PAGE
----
The rule of law is definitely a worthy value to strive for, achieving it in Palestine requires some fundamental changes.
By Jonathan Kuttab | This Week in Palestine | Sept 2021
There is no rule of law when the laws are military orders, issued by the occupying forces to serve their own interests and those of the Jewish settlers
Law plays an important role in the running of any society. It provides the framework for regulating the behavior of individuals, the distribution of resources, the expected norms, and the sanctions for violating them.
In many developing countries, particularly totalitarian regimes, law becomes a useful tool for the preservation of privilege and the oppression of masses. It is sometimes given divine authority or at least sanction and becomes part of the reality that the poor and the oppressed have to deal with. In such societies, law is rarely, if ever, used against the rich and the powerful who are somehow always exempt from its application, but its provisions are ruthlessly applied to the weak, the poor, and those without proper connections.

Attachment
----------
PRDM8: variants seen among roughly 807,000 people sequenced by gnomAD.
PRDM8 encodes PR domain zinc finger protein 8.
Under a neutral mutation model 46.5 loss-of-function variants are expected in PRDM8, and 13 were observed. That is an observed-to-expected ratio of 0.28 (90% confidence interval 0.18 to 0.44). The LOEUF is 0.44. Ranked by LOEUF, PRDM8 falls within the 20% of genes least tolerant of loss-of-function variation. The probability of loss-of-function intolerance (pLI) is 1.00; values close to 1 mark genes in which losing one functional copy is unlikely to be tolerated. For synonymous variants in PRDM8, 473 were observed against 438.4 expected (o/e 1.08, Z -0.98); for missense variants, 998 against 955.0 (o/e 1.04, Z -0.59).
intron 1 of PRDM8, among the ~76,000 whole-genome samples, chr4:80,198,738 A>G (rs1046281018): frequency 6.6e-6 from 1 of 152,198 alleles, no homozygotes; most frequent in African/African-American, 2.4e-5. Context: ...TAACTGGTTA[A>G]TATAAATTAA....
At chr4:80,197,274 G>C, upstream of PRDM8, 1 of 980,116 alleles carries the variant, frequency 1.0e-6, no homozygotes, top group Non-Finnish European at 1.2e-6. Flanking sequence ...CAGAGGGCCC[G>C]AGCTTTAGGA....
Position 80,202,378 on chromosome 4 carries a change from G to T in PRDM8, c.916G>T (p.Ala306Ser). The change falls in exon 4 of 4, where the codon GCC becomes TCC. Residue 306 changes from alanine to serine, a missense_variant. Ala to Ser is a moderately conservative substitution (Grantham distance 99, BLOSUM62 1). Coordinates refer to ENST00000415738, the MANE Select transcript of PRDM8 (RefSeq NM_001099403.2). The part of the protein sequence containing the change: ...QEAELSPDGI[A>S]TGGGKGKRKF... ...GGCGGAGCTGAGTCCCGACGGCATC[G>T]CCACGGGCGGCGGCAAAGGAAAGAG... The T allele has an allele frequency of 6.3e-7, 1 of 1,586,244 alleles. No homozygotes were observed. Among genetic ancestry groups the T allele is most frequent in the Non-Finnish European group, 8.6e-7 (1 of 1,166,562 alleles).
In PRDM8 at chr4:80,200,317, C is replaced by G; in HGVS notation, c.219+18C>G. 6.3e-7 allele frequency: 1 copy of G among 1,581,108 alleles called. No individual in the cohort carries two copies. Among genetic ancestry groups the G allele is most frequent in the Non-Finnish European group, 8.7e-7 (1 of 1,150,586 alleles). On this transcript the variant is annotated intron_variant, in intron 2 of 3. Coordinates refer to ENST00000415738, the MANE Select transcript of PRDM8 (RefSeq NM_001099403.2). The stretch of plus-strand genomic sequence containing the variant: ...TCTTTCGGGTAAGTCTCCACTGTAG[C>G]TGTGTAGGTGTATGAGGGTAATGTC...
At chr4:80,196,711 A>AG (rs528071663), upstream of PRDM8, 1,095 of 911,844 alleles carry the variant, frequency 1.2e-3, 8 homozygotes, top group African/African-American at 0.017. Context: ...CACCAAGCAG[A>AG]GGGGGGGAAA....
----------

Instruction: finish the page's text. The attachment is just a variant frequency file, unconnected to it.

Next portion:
In such societies, ordinary people have no respect for laws, unless they are specifically and currently applied and enforced, through the courts, the police, and the heavy arm of the state. It is therefore a matter of cleverness to creatively avoid the rules and the laws; and perpetrators, when caught, feel no sense of shame or guilt, but rather frustration and resentment since they realize that it is only their lack of power that led to their punishment and not the illegal behavior, since they could easily have escaped if only they had had the right connections.